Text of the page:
Spotlight on a digitally connected countryside

The RSN is calling on government to produce a fully funded, comprehensive rural strategy. In this strategy there are a number of areas which we believe are linked, and need to be addressed to produce a vibrant rural community. One of these is a Digitally Connected Countryside.
All rural households and businesses should have the option of affordable and reliable access to broadband and mobile networks. Digital infrastructure should be considered essential for a modern economy and to enable fair access to services and other opportunities.

  • Significant sums of public expenditure have been invested to extend the reach of superfast broadband networks into less commercial areas. This included match funding from rural local authorities (a cost not borne by urban authorities). However, there remains a noticeable gap between levels of connectivity in rural and urban areas.
  • In England’s rural areas 11% of premises – households and businesses – are unable to access a broadband connection with a 10 Megabits per second (Mbps) download speed. Industry regulator, Ofcom, considers this a necessary speed for everyday online tasks.
  • In the most remote rural locations connection speeds can be significantly worse. A survey of its members by the National Farmers Union in 2017 concluded that half (50%) could not yet access a basic 2 Mbps connection.
  • Mobile connectivity has improved, but the indoor signal is poor in England’s rural areas, with phone calls on all four networks only possible at 67% of premises. Meanwhile, using 4G on all networks – giving fast internet access – is only possible inside 42% of rural premises.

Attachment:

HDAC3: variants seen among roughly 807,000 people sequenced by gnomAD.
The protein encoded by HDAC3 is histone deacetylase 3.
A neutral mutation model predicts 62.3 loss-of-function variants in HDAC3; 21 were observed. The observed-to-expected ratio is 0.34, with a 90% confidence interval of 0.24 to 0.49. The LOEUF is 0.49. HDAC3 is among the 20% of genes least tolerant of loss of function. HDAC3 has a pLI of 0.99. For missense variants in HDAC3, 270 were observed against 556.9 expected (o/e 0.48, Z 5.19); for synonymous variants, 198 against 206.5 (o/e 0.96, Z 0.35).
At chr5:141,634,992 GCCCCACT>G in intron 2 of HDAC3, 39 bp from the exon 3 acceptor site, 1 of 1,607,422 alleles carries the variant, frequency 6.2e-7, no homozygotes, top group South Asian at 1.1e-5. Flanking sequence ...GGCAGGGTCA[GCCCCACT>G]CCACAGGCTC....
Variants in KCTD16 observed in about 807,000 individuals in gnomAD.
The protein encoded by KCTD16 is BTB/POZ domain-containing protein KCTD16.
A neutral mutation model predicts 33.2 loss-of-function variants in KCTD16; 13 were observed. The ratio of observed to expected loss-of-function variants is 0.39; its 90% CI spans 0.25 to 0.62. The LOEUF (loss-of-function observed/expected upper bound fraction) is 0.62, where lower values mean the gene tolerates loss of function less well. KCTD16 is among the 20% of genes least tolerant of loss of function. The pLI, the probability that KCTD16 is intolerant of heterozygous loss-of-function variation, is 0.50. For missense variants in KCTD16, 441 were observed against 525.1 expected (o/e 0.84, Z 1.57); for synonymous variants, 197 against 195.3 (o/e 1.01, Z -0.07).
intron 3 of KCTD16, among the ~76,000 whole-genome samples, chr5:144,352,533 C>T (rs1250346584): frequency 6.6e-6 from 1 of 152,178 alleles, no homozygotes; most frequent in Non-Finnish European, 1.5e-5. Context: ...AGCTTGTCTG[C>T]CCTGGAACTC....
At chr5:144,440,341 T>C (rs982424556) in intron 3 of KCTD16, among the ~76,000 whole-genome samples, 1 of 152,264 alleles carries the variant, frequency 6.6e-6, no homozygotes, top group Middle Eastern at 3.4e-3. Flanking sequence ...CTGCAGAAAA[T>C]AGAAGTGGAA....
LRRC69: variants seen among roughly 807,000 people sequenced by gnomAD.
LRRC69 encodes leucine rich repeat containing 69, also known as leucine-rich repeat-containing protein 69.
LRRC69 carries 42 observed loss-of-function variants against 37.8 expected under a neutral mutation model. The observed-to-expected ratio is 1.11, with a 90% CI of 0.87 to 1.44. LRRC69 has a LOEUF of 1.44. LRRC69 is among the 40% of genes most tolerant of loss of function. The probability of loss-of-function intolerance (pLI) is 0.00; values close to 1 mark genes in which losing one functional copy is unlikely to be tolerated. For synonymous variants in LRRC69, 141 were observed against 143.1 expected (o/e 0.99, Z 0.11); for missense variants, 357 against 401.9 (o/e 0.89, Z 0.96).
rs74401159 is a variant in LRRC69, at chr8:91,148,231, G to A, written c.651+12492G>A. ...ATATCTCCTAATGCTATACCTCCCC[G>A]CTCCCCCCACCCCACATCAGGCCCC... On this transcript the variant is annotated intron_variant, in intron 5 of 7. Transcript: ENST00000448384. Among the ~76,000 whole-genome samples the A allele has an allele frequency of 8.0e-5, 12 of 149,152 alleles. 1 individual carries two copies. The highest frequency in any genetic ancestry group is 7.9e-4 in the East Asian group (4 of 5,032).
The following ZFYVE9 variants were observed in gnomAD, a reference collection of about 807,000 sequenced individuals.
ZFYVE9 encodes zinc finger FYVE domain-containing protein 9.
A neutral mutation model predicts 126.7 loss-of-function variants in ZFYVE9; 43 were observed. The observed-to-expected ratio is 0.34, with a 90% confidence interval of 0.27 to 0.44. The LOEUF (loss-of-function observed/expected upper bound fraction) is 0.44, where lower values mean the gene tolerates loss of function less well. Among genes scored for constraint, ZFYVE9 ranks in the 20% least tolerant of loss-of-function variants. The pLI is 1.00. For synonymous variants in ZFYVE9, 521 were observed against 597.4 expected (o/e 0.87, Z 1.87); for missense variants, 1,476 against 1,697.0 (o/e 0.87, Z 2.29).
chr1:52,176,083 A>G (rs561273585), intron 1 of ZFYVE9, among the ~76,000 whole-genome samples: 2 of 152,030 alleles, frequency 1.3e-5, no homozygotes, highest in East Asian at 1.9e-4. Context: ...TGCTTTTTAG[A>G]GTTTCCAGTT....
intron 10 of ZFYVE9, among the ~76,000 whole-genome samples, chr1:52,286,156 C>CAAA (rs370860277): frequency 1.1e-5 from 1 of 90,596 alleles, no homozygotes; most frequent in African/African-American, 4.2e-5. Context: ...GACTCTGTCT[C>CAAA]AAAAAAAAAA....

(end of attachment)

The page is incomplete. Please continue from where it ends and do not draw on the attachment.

• Rural take-up of superfast broadband is fair where it is available, with almost four in ten premises upgrading. However, a rural business survey by Rural England and SRUC found only 19% had a superfast connection and most (59%) relied on standard broadband. It also found high rates of dissatisfaction with connection speed and reliability.
  • The survey, cited above, identifies significant and wide-ranging rural business benefits from digital adoption. It estimates that if constraints to digital adoption, such as skills and recruitment, could be overcome it would unlock at least £12 billion of extra productivity per annum (Gross Value Added).

Sources are Ofcom (2018), NFU (2016) and Rural England/SRUC (2017).

Rural businesses say their top three benefits from digital adoption are:

  • It enables remote working
  • It improves access to customers and suppliers
  • It boosts overall business efficiency

Broadband and mobile networks are improving and rural business adoption of digital technologies demonstrates real potential. However, there are significant challenges which should be addressed by a Rural Strategy. They are:

    • Extending broadband networks to those premises still missing out;
    • Future proofing broadband policy, so rural areas do not fall behind again;
    • Capitalising on the benefits from the roll out of superfast networks; and
    • Addressing issues with mobile network coverage (including 4G).

The Rural Services Network believes that the following initiatives should be included within a Rural Strategy for a digitally connected countryside: